According to an audit report by the Treasury Inspector General for Tax Administration (TIGTA), the IRS Whistleblower Office (WO) has been a powerful tool for producing additional tax revenue, but still needs improvements. The audit found that the WO does not have appropriate controls in place for oversight of claims processing.  In particular, the issues included:

  • A lack of performance measurement and quality review impedes program evaluation.

  • Computerized tracking data are not always accurate.

  • Coding of claims on the Audit Information Management System is inconsistent.

  • Guidance for claim processing can be improved.

In addition, the audit report found that the WO needs to improve communications with whistleblowers, monitor the timeliness of claim processing, and ensure that rejection/denial decisions are properly supported.

These findings may not come as a surprise to those who have followed the IRS Whistleblower Program over the years.  According to TIGTA audits, the WO has consistently struggled with control failures and poor communication with whistleblowers since its inception in 2006.  These failures have resulted in lost evidence, inaccuracies, and potentially improper denial of awards.

IRS Whistleblower Program’s Early Success

In 2006, the US Congress authorized the creation of a new IRS Whistleblower Program in order to narrow the annual tax gap of over $450 billion (what was owed and what was paid).  Under the new program, the IRS was required to issue rewards to tax whistleblowers of 15-30 percent of proceeds collected from tax underpayments if:

  • The whistleblower provided specific and credible information that the IRS decided to take action on;

  • The information related to tax underpayments of over $2 million (or if the subject of the claim was an individual, his or her gross income must have exceeded $200,000 for at least one of the tax years in question); and

  • The IRS collected tax underpayments resulting from the action (including any related actions).

The program was a great success in its first few years.  In one action, a whistleblower was awarded over $104 million for exposing one of the largest tax evasion schemes in United States history. This tip alone allowed the United States to collect billions in tax underpayments.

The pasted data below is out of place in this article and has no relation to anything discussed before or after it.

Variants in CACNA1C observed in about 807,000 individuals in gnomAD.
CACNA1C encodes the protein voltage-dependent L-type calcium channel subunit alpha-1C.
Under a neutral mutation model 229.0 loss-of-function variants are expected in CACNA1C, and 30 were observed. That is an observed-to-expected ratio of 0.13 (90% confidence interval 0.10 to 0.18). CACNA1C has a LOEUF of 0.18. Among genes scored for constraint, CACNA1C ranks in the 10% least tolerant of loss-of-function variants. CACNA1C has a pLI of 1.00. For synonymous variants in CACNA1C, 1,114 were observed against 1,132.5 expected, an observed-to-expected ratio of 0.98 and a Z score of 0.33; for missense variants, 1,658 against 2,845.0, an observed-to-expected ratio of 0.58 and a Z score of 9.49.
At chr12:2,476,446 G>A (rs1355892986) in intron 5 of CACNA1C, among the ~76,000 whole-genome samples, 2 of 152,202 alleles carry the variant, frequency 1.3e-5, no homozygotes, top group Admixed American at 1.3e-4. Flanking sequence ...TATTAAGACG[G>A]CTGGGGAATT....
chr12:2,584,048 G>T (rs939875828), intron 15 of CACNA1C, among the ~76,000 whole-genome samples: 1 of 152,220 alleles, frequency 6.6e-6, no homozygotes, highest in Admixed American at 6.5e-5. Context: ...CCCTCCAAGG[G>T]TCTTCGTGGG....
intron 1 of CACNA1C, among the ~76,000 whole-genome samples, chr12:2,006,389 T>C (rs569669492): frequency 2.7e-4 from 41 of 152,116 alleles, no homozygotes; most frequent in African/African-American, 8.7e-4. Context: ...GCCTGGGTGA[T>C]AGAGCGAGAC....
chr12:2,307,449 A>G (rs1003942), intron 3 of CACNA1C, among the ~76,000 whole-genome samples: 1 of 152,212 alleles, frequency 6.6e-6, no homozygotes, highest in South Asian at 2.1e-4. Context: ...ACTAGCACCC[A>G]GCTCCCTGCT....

IRS Whistleblower Office Should Improve Efficiency, Communication, and Controls

After its initial success, the WO has been plagued by issues.  TIGTA has noted that whistleblowers and members of the US Congress continue express concerns with the operation of the program, yet the WO fails to remediate known problems.  The general complaints center around the WO’s inefficiencies, poor communication with whistleblowers, and consistent control failures throughout the years.

According to the IRS Whistleblower Program fiscal year 2015 Annual Report to the Congress, it takes the office an average of six years to process an award claim under 7623(b).  While the recent TIGTA audit noted that staffing increases and procedural changes have helped the office reduce inventory backlogs, it remains clear that the office is struggling to process and investigate claims on a timely basis.

Next, the TIGTA audit criticized the IRS Whistleblowers Office failure to effectively communicate with whistleblowers.  In particular, the audit highlighted the office’s failure to properly support rejection/denial decisions and failure to contact whistleblower for debriefings. As noted in an August 2014 memorandum to the WO, the IRS Deputy Commissioner for Services and Enforcement stressed the importance of debriefing whistleblowers when necessary to clarify information: some whistleblowers have insights and information which can help the [IRS] understand complex issues or hidden relationships. Debriefing of the whistleblower, whether in person or by telephone, is an invaluable and crucial component of the evaluation of the information prior to a decision on whether the information should be referred to the field for [examination] or investigation. A debriefing interview can identify connections between the taxpayer and others who may have had a significant role in the alleged noncompliance. The whistleblower may also be able to explain and clarify documents and information submitted with the Form 211.

Finally, the TIGTA audit found WO must improve its controls.  This has been a problem area for the WO since 2006.  TIGTA recommended that the office implement adequate controls to ensure the consistent, appropriate, and expeditious processing of whistleblower claims.

Potential to be a Game Changer

Despite these issues, tax whistleblowers have continued to help the IRS collect over $3 billion in tax underpayments since the beginning of the new tax whistleblower program.  In addition, whistleblowers have been awarded more than $403 million for information.  In 2015 alone, the WO made 99 awards to whistleblowers, totaling more than $103 million.

It is clear that the WO is an important tool in narrowing the tax gap.  The IRS Whistleblower Program has the potential to continue its success by remediating known issues and instilling confidence in whistleblowers again to come forward with information about large-scale tax underpayments.